The Effect of Chemical Treatments on Lampenflora and a Collembola Indicator Species at a Popular Tour Cave in California, USA


Material Information

The Effect of Chemical Treatments on Lampenflora and a Collembola Indicator Species at a Popular Tour Cave in California, USA
Series Title:
Environmental Management
Meyer, Erik
Seale, L. Don
Permar, Brianne
McClary, Andrew
Publication Date:


Subjects / Keywords:
Lampenflora ( local )
Tour Cave ( local )
Indicator Species ( local )
Springtail ( local )
Cave Restoration ( local )
serial ( sobekcm )


Growth of invasive, opportunistic plants (i.e. lampenflora) in popular tour caves is a significant concern for land managers worldwide. Numerous chemicals at various concentrations have been utilized to remove phototrophic lampenflora colonizing artificially lit surfaces within these caves; however formulations, effectiveness, and impacts appear anecdotal and temporally limited. At Crystal Cave, Sequoia National Park, California, we study lampenflora and cave springtail (Tomocerus celsus) response to a single 0.05 ml/cm2 dose of 1.0% sodium hypochlorite, 0.5% sodium hypochlorite, and 15.0% hydrogen peroxide compared to no treatment over the course of one year. Additionally, we explore potential food web impacts resulting from invasive lampenflora in naturally oligotrophic caves by utilizing stable isotope analysis of T. celsus found on and off lampenflora. Time-effect decay models indicate 1.0 and 0.5% sodium hypochlorite effectively eliminate lampenflora in 11 and 21 days, respectively, while lampenflora decay projections exceed 600 days with 15.0% hydrogen peroxide treatment. Repeat surveys of T. celsus indicate a negative response to 1.0% sodium hypochlorite (P = 0.02), and the probability of observing T. celsus was inversely related to the effectiveness of each treatment. Further, T. celsus had similar diets regardless of their lampenflora association (P = 0.92). We conclude that treatments of sodium hypochlorite at or below 0.5% achieve management goals with limited impacts to the presence or diet of a common cave-adapted indicator species.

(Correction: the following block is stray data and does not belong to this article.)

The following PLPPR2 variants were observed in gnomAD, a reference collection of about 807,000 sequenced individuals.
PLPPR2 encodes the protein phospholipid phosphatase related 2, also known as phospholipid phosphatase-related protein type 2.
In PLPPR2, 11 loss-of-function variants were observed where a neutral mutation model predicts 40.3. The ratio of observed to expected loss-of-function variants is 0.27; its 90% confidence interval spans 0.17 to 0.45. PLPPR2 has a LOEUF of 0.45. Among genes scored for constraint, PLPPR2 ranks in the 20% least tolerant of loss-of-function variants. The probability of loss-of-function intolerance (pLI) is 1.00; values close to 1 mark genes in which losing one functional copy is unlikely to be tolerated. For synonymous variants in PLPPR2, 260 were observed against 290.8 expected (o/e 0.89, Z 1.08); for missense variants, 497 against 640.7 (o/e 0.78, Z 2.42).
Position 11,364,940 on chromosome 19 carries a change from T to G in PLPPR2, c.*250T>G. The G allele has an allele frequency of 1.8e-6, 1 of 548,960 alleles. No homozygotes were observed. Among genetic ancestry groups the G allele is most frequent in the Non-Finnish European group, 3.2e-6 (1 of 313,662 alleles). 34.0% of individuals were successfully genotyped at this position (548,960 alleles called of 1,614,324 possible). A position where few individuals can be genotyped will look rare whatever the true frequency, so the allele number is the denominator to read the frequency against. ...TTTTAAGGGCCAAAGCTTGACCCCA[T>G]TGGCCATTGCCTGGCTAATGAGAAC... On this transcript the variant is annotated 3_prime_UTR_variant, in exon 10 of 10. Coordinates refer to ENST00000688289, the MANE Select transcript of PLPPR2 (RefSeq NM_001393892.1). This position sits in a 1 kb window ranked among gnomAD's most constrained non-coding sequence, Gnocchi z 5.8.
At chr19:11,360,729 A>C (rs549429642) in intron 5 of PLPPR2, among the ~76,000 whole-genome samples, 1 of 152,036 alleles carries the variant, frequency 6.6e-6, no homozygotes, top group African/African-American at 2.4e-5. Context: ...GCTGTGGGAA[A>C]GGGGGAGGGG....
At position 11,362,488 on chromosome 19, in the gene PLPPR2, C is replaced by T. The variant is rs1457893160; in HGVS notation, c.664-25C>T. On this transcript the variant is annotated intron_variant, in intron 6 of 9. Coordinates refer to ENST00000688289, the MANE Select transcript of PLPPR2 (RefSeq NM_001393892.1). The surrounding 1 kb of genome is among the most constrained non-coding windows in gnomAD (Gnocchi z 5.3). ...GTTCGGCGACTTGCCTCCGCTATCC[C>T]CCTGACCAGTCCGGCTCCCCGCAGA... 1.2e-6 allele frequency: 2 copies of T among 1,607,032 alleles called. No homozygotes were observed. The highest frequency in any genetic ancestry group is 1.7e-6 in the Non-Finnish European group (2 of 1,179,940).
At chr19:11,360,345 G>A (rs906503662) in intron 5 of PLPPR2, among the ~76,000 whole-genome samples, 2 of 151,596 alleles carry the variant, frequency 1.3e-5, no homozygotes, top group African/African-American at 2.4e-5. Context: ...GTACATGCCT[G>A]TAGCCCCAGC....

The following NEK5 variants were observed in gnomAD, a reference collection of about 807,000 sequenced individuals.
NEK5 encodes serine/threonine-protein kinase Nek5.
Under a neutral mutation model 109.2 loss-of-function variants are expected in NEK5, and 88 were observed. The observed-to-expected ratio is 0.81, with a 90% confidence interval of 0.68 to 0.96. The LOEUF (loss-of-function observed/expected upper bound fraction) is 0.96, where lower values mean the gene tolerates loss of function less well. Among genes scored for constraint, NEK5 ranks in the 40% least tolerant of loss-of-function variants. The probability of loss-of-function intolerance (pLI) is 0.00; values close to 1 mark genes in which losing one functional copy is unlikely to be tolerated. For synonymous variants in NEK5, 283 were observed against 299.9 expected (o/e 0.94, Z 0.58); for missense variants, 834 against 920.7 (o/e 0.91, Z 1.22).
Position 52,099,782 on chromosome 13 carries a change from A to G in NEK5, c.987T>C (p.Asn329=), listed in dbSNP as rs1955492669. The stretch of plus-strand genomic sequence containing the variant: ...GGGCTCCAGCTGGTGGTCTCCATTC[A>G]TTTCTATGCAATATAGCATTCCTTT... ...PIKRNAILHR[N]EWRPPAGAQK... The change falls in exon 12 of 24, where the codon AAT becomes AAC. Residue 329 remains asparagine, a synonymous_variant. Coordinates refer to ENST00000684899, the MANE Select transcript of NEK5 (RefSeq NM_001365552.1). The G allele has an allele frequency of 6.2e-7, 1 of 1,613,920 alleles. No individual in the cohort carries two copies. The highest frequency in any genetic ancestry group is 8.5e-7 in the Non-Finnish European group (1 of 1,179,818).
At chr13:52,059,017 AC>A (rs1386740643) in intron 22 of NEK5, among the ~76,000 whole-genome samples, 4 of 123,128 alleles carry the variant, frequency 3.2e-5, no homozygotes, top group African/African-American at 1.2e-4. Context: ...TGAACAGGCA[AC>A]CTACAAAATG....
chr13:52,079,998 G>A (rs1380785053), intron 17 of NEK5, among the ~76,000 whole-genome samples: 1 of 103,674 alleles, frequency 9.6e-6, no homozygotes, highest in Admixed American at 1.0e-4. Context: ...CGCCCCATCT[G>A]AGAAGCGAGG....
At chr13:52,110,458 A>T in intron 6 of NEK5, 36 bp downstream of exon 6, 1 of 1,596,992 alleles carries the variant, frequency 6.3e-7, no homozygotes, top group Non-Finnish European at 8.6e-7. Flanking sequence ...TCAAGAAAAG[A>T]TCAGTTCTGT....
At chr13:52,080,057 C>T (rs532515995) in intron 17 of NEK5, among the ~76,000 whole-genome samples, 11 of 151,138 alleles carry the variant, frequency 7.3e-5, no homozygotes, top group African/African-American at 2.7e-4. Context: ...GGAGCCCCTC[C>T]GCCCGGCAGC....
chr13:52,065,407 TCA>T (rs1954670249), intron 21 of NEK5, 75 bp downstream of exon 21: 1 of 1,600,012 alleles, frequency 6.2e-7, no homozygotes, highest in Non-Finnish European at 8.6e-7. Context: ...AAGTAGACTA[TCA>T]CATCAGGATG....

Original Version:
Environmental Management, Vol. 59, no. 11 (2017-03-08).

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